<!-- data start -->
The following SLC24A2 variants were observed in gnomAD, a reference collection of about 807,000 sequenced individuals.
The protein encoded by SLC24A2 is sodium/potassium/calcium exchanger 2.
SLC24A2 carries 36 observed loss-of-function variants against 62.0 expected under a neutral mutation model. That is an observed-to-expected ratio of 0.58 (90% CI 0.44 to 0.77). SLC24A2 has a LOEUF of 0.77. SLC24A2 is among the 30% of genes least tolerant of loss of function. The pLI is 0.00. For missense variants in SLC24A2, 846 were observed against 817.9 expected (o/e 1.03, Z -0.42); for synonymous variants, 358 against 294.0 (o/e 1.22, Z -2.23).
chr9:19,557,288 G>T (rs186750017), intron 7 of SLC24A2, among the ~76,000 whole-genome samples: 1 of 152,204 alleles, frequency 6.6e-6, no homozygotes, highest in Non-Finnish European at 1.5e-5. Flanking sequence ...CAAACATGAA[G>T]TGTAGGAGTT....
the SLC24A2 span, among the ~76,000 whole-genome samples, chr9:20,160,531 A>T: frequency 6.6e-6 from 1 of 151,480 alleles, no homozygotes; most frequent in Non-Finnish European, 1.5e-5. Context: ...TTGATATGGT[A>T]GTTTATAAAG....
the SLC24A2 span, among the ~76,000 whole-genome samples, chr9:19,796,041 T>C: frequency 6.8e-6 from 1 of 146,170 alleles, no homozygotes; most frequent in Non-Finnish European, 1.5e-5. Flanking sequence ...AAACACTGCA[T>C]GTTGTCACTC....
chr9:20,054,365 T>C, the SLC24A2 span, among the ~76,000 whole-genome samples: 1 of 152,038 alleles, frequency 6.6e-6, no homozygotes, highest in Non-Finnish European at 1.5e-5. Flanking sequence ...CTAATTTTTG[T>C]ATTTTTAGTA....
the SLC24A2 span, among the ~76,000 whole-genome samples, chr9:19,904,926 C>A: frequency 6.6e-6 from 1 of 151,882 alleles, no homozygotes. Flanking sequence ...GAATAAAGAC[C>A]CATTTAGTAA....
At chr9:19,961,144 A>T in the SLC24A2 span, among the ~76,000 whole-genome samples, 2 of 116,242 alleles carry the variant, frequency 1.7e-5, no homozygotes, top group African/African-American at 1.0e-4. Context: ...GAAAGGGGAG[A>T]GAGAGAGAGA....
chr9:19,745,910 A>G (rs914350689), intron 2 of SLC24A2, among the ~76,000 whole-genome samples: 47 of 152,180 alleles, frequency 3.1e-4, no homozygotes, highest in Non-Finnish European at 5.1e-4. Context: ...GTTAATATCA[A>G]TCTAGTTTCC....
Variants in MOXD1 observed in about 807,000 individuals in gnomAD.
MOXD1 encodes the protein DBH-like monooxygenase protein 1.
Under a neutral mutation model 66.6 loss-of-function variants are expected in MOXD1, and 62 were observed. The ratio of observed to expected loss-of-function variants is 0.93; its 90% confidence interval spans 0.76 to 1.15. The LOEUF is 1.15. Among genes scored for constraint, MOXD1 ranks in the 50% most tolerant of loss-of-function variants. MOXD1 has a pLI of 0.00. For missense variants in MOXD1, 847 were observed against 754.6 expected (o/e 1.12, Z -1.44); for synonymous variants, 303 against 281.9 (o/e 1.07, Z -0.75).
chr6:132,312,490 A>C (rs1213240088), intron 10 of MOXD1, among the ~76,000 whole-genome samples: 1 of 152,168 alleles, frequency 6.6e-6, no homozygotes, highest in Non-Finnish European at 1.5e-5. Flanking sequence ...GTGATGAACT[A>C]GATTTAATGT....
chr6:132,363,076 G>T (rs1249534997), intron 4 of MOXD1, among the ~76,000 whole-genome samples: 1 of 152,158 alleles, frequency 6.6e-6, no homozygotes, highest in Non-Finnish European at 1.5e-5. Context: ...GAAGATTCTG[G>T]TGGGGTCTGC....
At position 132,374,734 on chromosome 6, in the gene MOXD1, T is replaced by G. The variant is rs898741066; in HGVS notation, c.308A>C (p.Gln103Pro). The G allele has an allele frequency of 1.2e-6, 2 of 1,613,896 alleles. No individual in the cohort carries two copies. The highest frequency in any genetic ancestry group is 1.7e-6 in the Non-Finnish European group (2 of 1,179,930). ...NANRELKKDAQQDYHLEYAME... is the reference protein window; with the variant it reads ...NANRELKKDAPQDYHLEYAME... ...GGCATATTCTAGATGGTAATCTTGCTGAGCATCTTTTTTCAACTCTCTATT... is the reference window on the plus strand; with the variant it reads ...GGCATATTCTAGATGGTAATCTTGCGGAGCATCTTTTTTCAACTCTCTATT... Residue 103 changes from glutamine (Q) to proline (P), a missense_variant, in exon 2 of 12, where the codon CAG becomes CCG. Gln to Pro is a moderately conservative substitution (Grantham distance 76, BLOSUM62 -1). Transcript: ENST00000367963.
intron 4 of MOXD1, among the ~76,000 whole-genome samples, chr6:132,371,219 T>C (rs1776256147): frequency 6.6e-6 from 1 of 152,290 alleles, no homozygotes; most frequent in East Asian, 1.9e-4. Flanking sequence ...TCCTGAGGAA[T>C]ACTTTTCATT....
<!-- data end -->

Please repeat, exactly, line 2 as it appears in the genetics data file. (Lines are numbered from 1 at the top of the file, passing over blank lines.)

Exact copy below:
The protein encoded by SLC24A2 is sodium/potassium/calcium exchanger 2.